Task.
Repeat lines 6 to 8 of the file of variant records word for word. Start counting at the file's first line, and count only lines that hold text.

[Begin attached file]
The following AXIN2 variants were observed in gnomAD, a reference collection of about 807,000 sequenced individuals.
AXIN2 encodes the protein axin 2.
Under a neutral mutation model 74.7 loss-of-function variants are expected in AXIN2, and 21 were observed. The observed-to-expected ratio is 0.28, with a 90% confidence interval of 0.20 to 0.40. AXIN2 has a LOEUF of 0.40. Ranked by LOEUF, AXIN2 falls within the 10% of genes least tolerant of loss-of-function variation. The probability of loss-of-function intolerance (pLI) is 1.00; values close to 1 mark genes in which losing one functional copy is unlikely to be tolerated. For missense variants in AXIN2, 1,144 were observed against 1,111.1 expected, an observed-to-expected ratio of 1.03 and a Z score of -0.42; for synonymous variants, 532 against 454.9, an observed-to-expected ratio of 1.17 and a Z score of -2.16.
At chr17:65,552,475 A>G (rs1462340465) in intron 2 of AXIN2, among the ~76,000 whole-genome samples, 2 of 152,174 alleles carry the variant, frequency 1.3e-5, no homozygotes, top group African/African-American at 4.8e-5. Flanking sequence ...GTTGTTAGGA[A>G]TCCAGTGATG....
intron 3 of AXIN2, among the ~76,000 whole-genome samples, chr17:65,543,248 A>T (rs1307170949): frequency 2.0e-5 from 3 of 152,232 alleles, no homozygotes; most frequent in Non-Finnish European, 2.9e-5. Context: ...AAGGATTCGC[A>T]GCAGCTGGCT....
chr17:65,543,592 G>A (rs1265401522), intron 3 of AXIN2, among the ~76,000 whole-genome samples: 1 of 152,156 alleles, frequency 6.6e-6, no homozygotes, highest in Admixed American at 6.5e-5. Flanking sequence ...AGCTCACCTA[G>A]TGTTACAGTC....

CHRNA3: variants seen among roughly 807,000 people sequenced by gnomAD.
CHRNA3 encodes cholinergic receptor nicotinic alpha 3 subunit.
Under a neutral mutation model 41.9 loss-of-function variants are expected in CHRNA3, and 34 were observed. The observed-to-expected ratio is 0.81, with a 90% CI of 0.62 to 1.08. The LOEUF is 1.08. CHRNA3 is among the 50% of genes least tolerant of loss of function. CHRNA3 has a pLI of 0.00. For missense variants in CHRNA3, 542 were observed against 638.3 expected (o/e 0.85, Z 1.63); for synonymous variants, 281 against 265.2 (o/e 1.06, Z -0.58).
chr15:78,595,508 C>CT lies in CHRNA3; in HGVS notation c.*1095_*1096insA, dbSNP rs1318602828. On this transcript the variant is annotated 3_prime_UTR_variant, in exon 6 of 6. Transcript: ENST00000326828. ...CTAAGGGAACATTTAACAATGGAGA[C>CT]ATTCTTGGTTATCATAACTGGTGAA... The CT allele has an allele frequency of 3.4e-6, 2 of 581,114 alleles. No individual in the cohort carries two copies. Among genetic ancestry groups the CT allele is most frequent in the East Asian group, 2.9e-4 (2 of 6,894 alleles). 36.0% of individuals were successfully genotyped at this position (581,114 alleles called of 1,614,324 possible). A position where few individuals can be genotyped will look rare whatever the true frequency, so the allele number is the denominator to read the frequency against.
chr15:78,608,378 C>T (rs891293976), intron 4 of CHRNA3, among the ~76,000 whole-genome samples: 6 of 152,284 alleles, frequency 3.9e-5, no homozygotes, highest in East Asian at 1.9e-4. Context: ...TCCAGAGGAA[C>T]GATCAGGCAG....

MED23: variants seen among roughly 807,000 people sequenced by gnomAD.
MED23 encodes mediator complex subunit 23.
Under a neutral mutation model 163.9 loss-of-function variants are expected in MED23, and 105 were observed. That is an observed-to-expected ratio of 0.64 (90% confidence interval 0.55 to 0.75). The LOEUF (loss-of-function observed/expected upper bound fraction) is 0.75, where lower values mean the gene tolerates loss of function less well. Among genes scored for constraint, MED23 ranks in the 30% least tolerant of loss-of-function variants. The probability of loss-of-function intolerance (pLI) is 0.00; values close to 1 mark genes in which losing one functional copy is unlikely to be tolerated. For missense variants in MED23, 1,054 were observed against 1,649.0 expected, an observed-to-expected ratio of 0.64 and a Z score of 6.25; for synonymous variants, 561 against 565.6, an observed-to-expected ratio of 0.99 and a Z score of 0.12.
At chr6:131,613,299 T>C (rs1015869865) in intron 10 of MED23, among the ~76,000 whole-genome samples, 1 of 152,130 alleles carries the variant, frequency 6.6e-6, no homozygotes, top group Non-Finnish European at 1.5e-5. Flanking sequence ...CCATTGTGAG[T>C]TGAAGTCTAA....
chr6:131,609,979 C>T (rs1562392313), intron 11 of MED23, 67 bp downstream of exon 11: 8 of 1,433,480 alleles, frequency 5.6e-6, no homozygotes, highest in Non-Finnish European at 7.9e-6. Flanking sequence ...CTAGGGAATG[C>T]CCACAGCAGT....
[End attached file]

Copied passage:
chr17:65,543,592 G>A (rs1265401522), intron 3 of AXIN2, among the ~76,000 whole-genome samples: 1 of 152,156 alleles, frequency 6.6e-6, no homozygotes, highest in Admixed American at 6.5e-5. Flanking sequence ...AGCTCACCTA[G>A]TGTTACAGTC....

CHRNA3: variants seen among roughly 807,000 people sequenced by gnomAD.
CHRNA3 encodes cholinergic receptor nicotinic alpha 3 subunit.